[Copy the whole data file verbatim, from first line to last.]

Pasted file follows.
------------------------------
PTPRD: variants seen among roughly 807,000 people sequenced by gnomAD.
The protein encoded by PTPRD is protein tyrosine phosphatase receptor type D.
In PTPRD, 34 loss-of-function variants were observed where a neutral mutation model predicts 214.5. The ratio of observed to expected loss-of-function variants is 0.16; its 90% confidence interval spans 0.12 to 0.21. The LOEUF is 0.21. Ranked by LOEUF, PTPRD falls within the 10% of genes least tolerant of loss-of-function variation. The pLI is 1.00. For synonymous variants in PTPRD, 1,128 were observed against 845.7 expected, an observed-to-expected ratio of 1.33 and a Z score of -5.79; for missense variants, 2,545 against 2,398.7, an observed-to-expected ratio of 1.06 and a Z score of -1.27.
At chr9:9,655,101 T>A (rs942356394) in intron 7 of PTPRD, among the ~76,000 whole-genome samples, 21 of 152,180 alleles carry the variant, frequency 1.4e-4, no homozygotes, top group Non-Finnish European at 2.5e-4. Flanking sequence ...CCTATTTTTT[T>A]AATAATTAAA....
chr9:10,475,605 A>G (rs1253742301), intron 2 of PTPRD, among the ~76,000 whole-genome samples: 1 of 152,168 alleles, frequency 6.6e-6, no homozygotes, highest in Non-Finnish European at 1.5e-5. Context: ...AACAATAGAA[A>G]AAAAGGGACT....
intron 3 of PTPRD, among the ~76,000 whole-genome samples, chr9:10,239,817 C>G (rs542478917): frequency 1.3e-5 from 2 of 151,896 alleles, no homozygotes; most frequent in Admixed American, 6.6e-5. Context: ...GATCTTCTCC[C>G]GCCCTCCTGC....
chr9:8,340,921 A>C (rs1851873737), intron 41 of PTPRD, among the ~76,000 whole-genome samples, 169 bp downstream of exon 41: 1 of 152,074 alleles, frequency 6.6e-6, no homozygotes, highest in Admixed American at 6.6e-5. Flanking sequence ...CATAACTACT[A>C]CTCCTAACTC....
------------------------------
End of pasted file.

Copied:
PTPRD: variants seen among roughly 807,000 people sequenced by gnomAD.
The protein encoded by PTPRD is protein tyrosine phosphatase receptor type D.
In PTPRD, 34 loss-of-function variants were observed where a neutral mutation model predicts 214.5. The ratio of observed to expected loss-of-function variants is 0.16; its 90% confidence interval spans 0.12 to 0.21. The LOEUF is 0.21. Ranked by LOEUF, PTPRD falls within the 10% of genes least tolerant of loss-of-function variation. The pLI is 1.00. For synonymous variants in PTPRD, 1,128 were observed against 845.7 expected, an observed-to-expected ratio of 1.33 and a Z score of -5.79; for missense variants, 2,545 against 2,398.7, an observed-to-expected ratio of 1.06 and a Z score of -1.27.
At chr9:9,655,101 T>A (rs942356394) in intron 7 of PTPRD, among the ~76,000 whole-genome samples, 21 of 152,180 alleles carry the variant, frequency 1.4e-4, no homozygotes, top group Non-Finnish European at 2.5e-4. Flanking sequence ...CCTATTTTTT[T>A]AATAATTAAA....
chr9:10,475,605 A>G (rs1253742301), intron 2 of PTPRD, among the ~76,000 whole-genome samples: 1 of 152,168 alleles, frequency 6.6e-6, no homozygotes, highest in Non-Finnish European at 1.5e-5. Context: ...AACAATAGAA[A>G]AAAAGGGACT....
intron 3 of PTPRD, among the ~76,000 whole-genome samples, chr9:10,239,817 C>G (rs542478917): frequency 1.3e-5 from 2 of 151,896 alleles, no homozygotes; most frequent in Admixed American, 6.6e-5. Context: ...GATCTTCTCC[C>G]GCCCTCCTGC....
chr9:8,340,921 A>C (rs1851873737), intron 41 of PTPRD, among the ~76,000 whole-genome samples, 169 bp downstream of exon 41: 1 of 152,074 alleles, frequency 6.6e-6, no homozygotes, highest in Admixed American at 6.6e-5. Flanking sequence ...CATAACTACT[A>C]CTCCTAACTC....